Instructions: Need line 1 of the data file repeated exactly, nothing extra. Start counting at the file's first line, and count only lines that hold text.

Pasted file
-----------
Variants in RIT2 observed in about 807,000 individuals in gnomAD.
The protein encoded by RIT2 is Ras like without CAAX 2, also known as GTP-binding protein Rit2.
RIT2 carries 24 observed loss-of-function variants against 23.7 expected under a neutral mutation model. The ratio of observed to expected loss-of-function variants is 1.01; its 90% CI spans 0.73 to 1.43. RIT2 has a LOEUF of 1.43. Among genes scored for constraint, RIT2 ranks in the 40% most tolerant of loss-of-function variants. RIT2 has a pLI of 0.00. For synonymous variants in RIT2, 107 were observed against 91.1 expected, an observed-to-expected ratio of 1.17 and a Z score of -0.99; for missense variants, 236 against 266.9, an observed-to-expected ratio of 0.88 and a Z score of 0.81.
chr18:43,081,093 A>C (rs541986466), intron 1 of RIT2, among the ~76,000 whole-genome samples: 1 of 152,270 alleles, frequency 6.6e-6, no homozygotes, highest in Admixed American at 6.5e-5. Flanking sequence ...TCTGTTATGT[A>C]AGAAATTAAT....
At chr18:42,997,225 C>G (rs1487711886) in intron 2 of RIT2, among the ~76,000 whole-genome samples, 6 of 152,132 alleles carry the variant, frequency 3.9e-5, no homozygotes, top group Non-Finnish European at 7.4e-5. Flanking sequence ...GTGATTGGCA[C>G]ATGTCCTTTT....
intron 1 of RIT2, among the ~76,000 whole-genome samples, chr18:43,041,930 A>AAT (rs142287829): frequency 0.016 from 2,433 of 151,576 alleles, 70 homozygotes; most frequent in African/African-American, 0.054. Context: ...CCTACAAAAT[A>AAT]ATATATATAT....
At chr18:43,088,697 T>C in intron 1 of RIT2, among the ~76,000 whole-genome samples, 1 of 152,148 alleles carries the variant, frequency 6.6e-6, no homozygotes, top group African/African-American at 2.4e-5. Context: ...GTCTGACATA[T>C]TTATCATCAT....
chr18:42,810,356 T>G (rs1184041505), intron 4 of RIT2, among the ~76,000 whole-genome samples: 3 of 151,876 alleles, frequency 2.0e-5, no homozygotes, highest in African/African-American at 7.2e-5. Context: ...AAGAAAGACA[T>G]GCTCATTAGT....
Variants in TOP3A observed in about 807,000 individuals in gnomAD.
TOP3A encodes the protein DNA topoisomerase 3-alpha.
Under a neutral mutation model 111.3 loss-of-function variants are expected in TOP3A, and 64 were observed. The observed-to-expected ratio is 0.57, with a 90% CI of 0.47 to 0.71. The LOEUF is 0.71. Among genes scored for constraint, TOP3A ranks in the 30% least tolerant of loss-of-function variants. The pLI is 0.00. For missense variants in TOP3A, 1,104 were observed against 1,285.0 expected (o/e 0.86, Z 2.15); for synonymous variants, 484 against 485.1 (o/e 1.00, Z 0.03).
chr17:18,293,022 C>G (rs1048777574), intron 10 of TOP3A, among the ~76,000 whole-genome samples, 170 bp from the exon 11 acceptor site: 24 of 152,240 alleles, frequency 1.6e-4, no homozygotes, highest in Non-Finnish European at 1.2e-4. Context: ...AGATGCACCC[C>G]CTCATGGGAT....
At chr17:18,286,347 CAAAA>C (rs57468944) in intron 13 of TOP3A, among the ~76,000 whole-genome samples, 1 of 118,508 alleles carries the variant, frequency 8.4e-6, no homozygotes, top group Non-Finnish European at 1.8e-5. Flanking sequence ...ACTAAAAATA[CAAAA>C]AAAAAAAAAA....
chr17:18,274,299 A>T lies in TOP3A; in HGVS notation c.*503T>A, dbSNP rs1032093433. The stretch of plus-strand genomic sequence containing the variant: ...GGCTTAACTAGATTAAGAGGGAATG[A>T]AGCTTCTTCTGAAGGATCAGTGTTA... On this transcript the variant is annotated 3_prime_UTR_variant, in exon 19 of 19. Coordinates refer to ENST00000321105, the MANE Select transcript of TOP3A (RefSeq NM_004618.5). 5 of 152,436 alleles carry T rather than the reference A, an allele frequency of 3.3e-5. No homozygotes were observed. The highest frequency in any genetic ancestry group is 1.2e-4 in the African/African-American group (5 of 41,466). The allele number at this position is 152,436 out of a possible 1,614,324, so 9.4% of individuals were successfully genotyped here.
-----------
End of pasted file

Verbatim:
Variants in RIT2 observed in about 807,000 individuals in gnomAD.